The offensive explosion by the Texans has been completely unexpected and entirely welcome. It just stinks that’s it's arrived at the same time that J.J. Watt and Whitney Mercilus went down for the count. Destroying the Cleveland Browns is a little like beating up on the challenged kid at school - sure, it's a win, but hardly a win that took much effort. The real test is beating the Seahawks and then making it to the postseason and taking out either Kansas City or New England.

Capt Ron:

It's simply incredible what Deshaun Watson has done to fix this offense. As a side effect, he is also single-handedly saving Bill O'Brien's reputation. I don't think the QB was the "only" problem the last three seasons, but clearly it was the biggest issue holding back this team. I have to credit the success to the Texans, and O'Brien specifically, for adjusting the scheme with components similar to Clemson's to help Watson be more comfortable and perform more naturally as he adapts to the NFL defenses. I'm sure we'll continue to see new wrinkles each week as the playbook continues to open up for a rookie who is rocketing into the record books. Forget the Offensive Rookie of the Year talk; Deshaun Watson is now in the NFL MVP discussion.

I'm glad Houston is going into the bye week, because Jadeveon Clowney and the gang are banged up and need some rest. The Texans also have a large clutch of new players signed to fill vacancies due to numerous injuries, and the bye week helps them with time to study and prepare before the team heads to Seattle.

Diehard Chris:

This one pretty much went as expected. I didn’t think this would be a huge gaudy stat game for Deshaun or the offense as a whole. I just think Watson rises to the occasion when the Texans are trading punches with another fighter, and this was basically like hitting the heavy bag. It was nice to see the defense put on a largely positive performance, complete with multiple sacks against a solid offensive line, plus TWO scores in the form of a pick-six and a safety. That said, the obvious (and accurate) take here is that - it’s the Browns. But the Texans did what they should do against the Browns or any team of similar ilk - jump them early and keep cleats on the throat. I’m very excited to see the Deshaun Watson Era continue with a tough road assignment in Seattle following the bye week.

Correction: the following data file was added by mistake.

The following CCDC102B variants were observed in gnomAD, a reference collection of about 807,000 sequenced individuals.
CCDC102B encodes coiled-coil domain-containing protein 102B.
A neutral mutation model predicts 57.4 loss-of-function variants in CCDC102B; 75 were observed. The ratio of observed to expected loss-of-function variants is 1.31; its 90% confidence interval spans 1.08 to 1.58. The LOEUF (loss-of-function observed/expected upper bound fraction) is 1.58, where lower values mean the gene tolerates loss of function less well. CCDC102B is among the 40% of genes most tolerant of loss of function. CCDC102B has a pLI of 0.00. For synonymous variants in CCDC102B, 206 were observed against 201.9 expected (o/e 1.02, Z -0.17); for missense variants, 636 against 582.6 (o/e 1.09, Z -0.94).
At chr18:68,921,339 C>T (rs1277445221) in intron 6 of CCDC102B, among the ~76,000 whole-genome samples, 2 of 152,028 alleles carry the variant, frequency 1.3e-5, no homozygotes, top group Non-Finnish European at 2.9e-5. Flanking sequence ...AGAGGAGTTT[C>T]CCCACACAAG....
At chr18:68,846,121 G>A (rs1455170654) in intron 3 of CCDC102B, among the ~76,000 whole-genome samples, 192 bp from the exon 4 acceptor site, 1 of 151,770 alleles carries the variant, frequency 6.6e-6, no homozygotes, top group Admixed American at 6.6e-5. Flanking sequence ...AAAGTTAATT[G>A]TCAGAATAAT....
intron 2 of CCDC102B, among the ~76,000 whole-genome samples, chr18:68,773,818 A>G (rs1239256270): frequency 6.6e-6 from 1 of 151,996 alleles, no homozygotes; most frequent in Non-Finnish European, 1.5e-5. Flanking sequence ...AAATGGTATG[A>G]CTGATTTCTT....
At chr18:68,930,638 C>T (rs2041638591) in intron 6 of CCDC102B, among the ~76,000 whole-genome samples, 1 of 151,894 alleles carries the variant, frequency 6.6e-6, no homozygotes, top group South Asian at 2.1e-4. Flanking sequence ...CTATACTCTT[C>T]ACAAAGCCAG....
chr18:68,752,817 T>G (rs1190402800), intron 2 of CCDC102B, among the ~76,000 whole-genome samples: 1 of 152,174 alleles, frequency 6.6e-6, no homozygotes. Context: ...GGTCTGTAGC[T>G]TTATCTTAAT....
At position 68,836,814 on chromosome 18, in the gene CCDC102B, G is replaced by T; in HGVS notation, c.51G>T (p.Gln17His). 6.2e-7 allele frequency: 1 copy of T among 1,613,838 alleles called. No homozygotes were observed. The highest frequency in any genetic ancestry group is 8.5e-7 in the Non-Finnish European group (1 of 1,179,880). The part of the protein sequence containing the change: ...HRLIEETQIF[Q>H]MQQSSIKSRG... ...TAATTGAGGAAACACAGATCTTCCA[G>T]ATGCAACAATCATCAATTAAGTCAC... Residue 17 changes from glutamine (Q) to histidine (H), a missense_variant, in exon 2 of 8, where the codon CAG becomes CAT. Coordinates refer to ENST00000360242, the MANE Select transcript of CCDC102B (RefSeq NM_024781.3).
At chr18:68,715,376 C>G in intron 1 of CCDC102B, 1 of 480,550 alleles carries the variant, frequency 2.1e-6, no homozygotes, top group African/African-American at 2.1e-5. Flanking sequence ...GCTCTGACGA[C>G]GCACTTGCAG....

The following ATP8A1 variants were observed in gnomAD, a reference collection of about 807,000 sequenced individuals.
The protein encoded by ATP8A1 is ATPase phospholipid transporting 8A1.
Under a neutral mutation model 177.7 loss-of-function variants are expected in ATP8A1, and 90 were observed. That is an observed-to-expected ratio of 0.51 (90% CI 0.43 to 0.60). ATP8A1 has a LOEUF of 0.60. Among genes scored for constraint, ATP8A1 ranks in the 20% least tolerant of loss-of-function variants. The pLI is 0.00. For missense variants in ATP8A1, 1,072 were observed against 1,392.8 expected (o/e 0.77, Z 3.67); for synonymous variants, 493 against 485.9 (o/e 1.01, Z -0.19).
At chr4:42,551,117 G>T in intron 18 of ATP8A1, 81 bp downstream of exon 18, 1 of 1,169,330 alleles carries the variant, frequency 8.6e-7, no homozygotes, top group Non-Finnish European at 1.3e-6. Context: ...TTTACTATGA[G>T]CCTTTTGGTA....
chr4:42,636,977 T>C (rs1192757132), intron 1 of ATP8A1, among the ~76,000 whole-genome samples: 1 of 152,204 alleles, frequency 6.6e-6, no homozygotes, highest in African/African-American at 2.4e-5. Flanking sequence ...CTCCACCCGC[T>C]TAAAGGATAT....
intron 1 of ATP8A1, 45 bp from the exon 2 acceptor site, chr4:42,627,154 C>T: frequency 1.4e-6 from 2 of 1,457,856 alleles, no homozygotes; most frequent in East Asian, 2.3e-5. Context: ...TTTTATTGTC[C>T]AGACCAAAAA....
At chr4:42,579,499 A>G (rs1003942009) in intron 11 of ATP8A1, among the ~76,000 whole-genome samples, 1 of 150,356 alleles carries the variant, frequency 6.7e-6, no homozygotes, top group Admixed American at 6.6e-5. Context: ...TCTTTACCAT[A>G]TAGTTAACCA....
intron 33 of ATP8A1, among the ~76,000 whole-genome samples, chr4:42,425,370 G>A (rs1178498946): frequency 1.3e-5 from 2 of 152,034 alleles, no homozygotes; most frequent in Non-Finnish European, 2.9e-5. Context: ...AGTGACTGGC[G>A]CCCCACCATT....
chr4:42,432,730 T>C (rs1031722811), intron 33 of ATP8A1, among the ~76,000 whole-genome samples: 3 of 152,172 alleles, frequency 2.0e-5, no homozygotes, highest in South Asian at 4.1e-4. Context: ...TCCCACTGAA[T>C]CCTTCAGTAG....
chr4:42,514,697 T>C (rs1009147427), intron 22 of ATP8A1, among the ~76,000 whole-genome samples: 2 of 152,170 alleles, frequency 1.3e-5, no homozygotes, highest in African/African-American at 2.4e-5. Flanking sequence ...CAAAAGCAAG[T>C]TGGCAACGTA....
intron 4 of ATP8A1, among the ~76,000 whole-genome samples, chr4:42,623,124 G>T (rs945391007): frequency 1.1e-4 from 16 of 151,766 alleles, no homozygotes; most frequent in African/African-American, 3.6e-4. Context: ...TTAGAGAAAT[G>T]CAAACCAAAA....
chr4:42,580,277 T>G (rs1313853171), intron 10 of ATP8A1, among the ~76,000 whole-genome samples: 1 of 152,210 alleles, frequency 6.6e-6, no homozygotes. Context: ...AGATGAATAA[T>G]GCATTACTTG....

A Message From a Browns’ Fan:

Well you’ve done it again, Browns. You’ve ruined another one of my Sundays. I don’t know if I’m even mad at you anymore or if I’m mad at myself for continuing to tune in every week, with some false sense of optimism that you may actually look like a football team. This week was no different than the last five Sundays. It was no different than any of the sixteen Sundays of the last few seasons.

You lead out another kitteny QB, this time Kevin Hogan, for slaughter. Like the many that came before him, Hogan looked and played like kitten, keeping the team out of it with a couple turnovers and a lot of overthrown receivers. I can’t put all the blame on Kevin, as the Browns currently possess a wide receiving corps filled with guys that would struggle to crack the depth chart of a Conference USA team. I also don’t understand how little Duke Johnson was used, considering he’s the one guy who’s actually been playing well for them lately. I guess that’s why I’m not an NFL coach.

The defense got their kittens kicked again, which wasn’t much of a surprise either. Gregg Williams continues to misuse Jabrill Peppers and line him up 30 yards downfield, I guess to prevent them from getting beat deep? At least Myles Garrett looks pretty good. It’s gonna suck when he blows out his knee later this year and never starts another game for them . Also, thank you, Texans for calling off the dogs in the second half. You really could’ve put up a 60 spot today, but you reflected back on your days in peewee and decided not to humiliate your opponent in front of their families. Good on you.

In conclusion, the Cleveland Browns have managed to make me hate football. I really don’t want to watch them get their kittens kicked again next week and I’ll probably promise myself I won’t.

But who am I kidding? Of course I’ll watch.